Francesca Forno (University of Bergamo)
Paper short abstract:
This paper looks at the recovered factories movement in Italy as a contribution to the study of (re)new(ed) forms of mutualism, especially in response to the erosion of the welfare state, chronic unemployment and the delocalisation of productive activities.
Paper long abstract:
The Bretton Woods era was characterised by the expansion of markets, the building of public mutuality in the form of welfare states, and the displacement of socio-environmental externalities to peripheral countries. The neoliberal era saw a radicalisation of market expansion and peripheral displacement, but also the beginning of the welfare state’s erosion and the backflow of externalities to core countries. These processes are symbolised by loss of labour rights, unemployment and delocalisation. The economic stagnation and austerity policies that have followed the 2008 crisis have escalated the “precarization” of labour. In its wake, attempts at increasing grassroots mutuality have been emerging throughout Europe. This paper explores the recovered factories movement in Italy. While the Argentinian case is seminal, workers’ recoveries have recently developed also in France, Greece and Italy. Mutualism is at the centre of this movement in at least two ways, which constitute our main avenues of inquiry. Firstly, mutualism in the form of the self-management ideal. By looking at recent cases of recovery in Italy, we wish to understand the role played by mutualistic values in motivating workers to recover a failed business. Secondly, mutualism as the basis of alliances with other social movements. We also want to comprehend how these values are called upon to establish collaborations with other movements that build on similar egalitarian ideals, such as the solidarity economy one, both domestically and internationally. The paper will contribute to an understanding of the grassroots forces that counteract the market by strengthening the sphere of mutuality.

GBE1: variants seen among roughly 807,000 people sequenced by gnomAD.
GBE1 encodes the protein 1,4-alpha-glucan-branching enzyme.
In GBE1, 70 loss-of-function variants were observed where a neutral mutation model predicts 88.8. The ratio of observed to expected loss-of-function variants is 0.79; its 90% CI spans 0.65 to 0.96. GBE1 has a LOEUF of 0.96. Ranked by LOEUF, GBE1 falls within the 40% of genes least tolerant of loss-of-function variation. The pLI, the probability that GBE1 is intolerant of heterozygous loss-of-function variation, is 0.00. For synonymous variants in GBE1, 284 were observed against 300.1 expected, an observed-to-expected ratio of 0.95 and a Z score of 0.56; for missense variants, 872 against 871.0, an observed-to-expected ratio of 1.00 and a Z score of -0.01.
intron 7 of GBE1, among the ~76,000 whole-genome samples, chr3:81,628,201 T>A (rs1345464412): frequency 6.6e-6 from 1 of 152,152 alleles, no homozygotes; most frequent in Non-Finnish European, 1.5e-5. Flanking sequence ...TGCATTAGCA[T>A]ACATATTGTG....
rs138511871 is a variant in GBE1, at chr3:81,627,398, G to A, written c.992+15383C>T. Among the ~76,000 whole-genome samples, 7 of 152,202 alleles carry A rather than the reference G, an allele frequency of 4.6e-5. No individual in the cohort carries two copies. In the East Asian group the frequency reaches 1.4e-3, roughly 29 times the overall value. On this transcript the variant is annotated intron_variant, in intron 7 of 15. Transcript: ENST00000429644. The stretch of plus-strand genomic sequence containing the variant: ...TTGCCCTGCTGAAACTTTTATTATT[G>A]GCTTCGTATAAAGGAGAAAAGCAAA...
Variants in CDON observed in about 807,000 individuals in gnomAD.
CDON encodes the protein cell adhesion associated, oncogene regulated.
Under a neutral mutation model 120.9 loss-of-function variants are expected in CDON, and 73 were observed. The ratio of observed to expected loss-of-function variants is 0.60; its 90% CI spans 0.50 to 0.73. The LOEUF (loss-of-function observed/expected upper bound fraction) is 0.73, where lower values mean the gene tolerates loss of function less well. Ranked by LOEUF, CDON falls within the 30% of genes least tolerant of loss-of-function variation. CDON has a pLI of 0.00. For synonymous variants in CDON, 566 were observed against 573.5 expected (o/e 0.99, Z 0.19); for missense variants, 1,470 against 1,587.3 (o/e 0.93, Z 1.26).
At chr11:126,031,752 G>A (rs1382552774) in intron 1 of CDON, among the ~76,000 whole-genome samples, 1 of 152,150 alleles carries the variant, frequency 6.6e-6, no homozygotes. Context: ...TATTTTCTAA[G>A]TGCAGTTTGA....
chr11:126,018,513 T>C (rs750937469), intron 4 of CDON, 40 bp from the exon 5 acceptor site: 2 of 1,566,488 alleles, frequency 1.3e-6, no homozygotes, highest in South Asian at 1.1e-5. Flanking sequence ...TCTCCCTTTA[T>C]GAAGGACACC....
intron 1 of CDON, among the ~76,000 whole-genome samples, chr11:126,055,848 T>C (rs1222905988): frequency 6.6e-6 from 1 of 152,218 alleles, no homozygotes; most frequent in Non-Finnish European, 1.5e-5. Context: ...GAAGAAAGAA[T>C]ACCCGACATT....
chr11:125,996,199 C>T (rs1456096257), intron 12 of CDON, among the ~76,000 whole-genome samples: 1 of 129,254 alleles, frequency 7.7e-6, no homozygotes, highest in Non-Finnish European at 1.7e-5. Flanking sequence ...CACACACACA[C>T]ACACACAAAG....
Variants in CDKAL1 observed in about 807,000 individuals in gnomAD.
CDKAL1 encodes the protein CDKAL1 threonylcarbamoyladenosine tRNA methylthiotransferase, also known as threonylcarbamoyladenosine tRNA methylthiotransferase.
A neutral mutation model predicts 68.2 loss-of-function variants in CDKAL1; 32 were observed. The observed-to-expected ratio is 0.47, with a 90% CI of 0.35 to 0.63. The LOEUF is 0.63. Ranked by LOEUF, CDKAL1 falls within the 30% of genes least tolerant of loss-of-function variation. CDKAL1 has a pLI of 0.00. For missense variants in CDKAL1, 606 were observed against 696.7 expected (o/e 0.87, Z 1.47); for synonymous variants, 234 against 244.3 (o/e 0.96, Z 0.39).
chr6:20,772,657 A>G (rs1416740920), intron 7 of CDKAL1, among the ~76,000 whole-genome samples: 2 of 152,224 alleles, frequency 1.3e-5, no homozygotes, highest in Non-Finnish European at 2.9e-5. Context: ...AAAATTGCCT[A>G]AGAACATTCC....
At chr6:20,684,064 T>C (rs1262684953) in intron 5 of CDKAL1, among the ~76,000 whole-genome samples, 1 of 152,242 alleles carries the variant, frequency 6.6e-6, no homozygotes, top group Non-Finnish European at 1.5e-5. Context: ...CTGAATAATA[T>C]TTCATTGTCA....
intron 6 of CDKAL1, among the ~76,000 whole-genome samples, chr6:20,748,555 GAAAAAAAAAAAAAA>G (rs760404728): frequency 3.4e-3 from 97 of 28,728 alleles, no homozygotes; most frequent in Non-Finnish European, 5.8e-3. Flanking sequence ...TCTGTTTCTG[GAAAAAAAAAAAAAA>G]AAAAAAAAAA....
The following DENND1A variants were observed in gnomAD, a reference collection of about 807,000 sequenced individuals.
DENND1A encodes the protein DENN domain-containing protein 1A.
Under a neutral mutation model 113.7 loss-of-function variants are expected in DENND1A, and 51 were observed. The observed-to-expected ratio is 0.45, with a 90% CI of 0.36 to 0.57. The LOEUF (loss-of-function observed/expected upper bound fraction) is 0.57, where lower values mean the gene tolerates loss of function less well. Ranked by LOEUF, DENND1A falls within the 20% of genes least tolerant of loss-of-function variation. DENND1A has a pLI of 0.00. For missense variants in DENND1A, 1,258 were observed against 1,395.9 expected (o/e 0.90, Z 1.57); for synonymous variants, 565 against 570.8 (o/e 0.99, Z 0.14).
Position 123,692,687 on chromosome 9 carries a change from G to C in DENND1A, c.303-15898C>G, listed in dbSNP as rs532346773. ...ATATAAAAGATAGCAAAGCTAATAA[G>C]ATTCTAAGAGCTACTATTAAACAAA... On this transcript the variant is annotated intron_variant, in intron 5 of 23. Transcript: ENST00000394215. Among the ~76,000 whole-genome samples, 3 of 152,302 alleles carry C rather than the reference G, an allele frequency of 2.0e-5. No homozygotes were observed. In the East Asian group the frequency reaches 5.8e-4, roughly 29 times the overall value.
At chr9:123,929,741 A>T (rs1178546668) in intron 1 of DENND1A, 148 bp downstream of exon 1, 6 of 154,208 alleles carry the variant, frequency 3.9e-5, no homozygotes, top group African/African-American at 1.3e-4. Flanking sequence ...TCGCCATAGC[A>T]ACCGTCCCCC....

Engagement and disengagement in crisis: anthropology as a mutualist concern